Day 2: Dog harness fits, and kitten cannot escape the clips. Will play fetch while harnessed. Progress!

Day 3: Outside, on the leash, digging at a shrub. Success!

Day 4: In the garage, on the leash, rolling around on the concrete. What is going on in that tangerine-sized brain? Need to replace garage door handle with a door knob. Just in case…

Day 5: Kitten lunged for the front door and got it shut on his head. No apparent damage, got to be more careful.

Day 6: Photographic proof of kitten in a dog harness, on a leash.

New Mac build

I got a shiny new Mac laptop for work use this week, and was thinking about the stuff you put on a machine to make it useful. This is my current set of necessary-for-work software:

Homebrew (to get everything else)
Chrome
Firefox
Git (to get code in progress)
Node.js (to get npm, and all the other hundreds of node modules)
Java (trying v9)
Gradle (was a PITA to get working, needed manual config)
IntelliJ IDEA community edition (to make sure Java and Gradle are both working, took some tweaking)
Visual Studio Code (nifty for JS work)
iTerm2
MS Office and OneDrive
The Slack app

It is a very different list to a few years ago. Android Studio isn’t currently needed on the work machine, Sublime was supplanted by VS Code, and Node is a relative newcomer.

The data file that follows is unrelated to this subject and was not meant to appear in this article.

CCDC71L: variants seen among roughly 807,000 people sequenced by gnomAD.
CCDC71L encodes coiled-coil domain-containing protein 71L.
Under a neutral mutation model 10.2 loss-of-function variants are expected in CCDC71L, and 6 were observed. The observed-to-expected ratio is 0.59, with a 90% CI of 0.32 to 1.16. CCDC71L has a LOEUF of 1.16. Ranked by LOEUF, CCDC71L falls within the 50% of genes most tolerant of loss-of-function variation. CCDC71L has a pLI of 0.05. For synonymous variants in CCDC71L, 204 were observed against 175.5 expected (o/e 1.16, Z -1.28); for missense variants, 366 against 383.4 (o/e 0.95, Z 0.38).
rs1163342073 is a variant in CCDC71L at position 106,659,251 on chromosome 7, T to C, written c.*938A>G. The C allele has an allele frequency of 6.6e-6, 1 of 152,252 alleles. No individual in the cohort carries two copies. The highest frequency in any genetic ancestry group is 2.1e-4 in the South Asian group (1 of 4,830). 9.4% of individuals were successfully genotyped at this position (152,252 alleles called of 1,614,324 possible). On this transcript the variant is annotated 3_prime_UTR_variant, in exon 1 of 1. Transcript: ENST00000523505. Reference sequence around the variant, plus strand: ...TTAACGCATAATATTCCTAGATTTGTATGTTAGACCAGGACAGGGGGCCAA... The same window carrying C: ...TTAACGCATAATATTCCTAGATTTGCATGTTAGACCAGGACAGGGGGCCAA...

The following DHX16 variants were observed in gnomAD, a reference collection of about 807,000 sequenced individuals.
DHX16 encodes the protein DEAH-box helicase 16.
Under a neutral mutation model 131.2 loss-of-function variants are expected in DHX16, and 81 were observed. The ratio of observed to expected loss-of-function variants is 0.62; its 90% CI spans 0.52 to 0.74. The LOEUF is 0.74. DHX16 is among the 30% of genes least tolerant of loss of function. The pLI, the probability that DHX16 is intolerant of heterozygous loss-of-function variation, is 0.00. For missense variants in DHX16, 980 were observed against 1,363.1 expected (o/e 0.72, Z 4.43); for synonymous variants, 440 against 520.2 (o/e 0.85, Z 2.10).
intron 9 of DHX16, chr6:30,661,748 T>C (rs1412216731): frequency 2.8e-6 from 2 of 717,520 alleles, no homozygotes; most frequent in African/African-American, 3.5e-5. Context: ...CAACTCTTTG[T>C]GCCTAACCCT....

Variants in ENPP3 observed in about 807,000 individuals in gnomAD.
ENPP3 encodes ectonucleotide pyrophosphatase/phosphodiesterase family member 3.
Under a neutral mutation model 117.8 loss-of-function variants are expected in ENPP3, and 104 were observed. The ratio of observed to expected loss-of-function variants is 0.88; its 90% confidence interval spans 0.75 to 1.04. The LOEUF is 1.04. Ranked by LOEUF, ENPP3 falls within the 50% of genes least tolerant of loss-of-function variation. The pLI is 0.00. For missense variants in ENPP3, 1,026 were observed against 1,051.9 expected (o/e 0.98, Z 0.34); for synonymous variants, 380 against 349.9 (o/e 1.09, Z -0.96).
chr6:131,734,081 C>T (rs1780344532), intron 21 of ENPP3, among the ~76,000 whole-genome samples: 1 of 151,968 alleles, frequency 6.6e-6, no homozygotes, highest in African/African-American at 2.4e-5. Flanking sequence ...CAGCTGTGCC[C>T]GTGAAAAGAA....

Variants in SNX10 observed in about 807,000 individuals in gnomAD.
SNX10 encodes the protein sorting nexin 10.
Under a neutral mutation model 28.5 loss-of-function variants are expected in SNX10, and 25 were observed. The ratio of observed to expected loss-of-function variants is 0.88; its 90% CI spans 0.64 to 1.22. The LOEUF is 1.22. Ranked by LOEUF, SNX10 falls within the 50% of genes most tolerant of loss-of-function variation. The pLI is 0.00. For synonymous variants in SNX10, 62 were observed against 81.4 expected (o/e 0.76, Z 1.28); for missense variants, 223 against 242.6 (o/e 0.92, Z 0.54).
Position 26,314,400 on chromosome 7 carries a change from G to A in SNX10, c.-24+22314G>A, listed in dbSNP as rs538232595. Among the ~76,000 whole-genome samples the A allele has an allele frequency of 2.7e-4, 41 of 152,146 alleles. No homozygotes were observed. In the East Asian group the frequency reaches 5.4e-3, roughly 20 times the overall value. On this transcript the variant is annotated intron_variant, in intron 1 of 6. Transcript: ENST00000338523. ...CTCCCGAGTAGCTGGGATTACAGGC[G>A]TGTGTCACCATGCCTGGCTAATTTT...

Norfolk Rusks

Back in the distant past in Britain, there was the Yorkshire Television company, who had a show called Farmhouse Kitchen. I went to university with two volumes of recipes from that show in books that were copyrighted in 1975. This is an adaptation of one of those recipes to be more Paleo-friendly.

Ingredients

Makes about 13 rounds

  • 10oz almond flour (might need a bit more if dough is very wet)
  • 0.5 tsp salt plus a “good pinch”
  • 1.5 tsp baking powder
  • 2.5 oz butter
  • a beaten egg

Mix the dry ingredients, then rub in the butter until you have a breadcrumb-like mixture. Add the beaten egg and fork the dough around until it is one lump. Roll out the dough to about 10mm thick and cut into rounds. The dough will be sticky and resist rolling, I put some all-purpose flour on the work surface and that helped.

Put the rounds on parchment paper on a baking tray. Put the baking tray in the freezer for 10 minutes to chill the dough. Set the oven to 400F.

Bake the rounds for 15 minutes, or until golden brown on top and bottom.

These turn out as pleasant, buttery, slightly crumbly, savoury cookies. You could add herbs (rosemary, or Herbes de Provence) to add flavour. I was craving cookies and these are a gluten-free version.

Eclipse 2017

Using a tree as a pinhole camera, these were taken a bit before the eclipse and fifteen minutes before totality.

Traffic stopped, everyone was out and looking at the sky. Even though the sun was down to a tiny sliver, it was still almost full daylight. Then the light dimmed and it looked like dusk right after sunset. It wasn’t pitch dark but the lights at the gas station across the street suddenly looked a lot brighter.

We got a minute and a half of totality, then a line of sun was visible and we were back to almost full daylight.